Mary Borden: Supplying and Paying for a Mobile Hospital

Mary Borden's Hospital

Mary Borden: Supplying and Paying for a Mobile Hospital

Mary Borden
Mary Borden

Mary Borden, the daughter of a Chicago millionaire, was born May 15,1886.  She left home as soon as she was of age and traveled to India where she married a Scottish missionary and had two daughters.

In 1913, she moved to London and began associating with writers and poets. A third daughter was born a year later.  She also joined the suffragist movement.

World War I

Borden used her own money to pay for and supply a mobile hospital for the French Army. She also worked as a nurse in the hospital starting in 1915, earning several medals for her bravery.

“It was my business to sort out the wounded as they were brought in from the ambulances and to keep them from dying before they got to the operating rooms: it was my business to sort out the nearly dying from the dying,” Borden says in her short story Blind. “I was there to sort them out and tell how fast life was ebbing in them.”

During the war, Borden met her second husband. When her first husband discovered the affair, he took custody of the children and a messy divorce followed.

Borden’s experiences during the war were the inspiration for several stories, although she did not publish any of them until a decade later. Her novel, The Forbidden Zone, was a memoir.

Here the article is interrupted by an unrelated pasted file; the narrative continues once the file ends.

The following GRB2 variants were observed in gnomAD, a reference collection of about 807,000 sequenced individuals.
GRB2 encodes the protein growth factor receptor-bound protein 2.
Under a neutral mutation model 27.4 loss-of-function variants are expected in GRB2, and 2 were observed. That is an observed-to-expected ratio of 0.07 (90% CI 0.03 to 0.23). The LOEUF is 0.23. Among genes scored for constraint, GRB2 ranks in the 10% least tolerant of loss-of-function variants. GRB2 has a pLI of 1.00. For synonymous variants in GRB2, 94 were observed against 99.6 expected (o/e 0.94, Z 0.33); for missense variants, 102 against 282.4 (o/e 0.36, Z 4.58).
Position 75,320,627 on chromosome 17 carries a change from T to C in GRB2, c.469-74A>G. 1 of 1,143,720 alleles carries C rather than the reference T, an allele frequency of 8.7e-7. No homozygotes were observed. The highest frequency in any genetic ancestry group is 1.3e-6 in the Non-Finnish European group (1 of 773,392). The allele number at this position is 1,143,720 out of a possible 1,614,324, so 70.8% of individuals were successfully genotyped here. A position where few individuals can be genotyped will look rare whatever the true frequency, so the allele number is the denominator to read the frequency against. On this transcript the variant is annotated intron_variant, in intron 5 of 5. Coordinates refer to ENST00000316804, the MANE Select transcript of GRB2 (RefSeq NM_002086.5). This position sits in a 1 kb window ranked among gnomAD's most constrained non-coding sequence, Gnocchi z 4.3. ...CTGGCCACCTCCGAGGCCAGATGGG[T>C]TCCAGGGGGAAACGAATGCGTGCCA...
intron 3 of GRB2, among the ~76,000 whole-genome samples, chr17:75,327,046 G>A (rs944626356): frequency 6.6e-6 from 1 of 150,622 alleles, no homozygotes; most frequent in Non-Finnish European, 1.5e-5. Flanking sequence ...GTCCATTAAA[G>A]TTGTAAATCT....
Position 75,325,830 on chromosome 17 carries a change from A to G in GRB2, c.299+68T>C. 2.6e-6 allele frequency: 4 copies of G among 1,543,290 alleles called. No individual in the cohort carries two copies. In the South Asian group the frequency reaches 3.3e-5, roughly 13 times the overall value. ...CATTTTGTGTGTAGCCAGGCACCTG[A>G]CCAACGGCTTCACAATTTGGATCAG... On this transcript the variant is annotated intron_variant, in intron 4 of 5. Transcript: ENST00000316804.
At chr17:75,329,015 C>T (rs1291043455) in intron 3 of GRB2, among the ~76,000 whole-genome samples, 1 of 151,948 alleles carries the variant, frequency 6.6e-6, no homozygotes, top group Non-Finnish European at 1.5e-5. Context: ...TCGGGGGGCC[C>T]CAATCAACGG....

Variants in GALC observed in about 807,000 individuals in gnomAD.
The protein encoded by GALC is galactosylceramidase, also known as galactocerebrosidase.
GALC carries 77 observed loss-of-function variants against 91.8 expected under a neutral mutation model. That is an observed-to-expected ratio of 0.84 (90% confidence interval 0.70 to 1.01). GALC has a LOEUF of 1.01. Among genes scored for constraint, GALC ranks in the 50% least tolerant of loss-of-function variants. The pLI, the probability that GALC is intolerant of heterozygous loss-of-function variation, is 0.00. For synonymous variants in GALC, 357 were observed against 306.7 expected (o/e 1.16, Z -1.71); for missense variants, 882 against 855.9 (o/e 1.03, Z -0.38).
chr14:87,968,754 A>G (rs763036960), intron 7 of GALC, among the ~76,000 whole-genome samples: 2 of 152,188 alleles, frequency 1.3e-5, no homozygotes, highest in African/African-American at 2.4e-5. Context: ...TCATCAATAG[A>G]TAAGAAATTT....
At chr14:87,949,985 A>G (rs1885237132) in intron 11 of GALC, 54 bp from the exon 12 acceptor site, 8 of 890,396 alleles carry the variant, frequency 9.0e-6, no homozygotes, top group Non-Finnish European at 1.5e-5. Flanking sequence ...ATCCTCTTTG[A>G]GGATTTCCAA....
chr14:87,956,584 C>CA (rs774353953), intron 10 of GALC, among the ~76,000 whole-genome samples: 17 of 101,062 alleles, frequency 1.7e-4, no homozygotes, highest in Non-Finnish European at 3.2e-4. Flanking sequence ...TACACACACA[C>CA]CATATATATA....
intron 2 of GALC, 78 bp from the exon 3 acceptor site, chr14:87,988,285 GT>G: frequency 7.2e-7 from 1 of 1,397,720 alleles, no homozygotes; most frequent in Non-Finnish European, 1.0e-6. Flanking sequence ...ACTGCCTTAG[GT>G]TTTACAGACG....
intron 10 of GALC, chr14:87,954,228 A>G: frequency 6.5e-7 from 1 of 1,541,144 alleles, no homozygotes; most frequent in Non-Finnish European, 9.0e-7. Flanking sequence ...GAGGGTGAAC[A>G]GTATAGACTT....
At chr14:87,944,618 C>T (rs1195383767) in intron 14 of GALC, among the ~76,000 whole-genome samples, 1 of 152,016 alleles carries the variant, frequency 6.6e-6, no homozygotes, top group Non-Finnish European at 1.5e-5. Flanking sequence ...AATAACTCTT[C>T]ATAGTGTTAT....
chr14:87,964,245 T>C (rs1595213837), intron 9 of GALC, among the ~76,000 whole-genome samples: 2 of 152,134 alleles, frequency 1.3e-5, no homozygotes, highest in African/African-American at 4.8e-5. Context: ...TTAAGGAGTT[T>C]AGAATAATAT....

According to Amazon, the book deserves “to be read alongside the likes of Sassoon, Graves, and Remarque, [and] is a collection of her memories and impressions of that experience. Describing the men as they march into battle, engaging imaginatively with the stories of individual soldiers, and recounting procedures at the field hospital, the author offers a perspective on the war that is both powerful and intimate.”

Borden died December 2, 1968.

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Updated: 23 October 2020
Melina Druga
Most kids have an active imagination. My imagination has stayed strong into adulthood, and I’ve funneled that creativity into a successful writing career. I write history, both fiction and nonfiction, because although your school history classes may have been boring, the past is not. My goal is to bring the past to life in all its myriad of colors.
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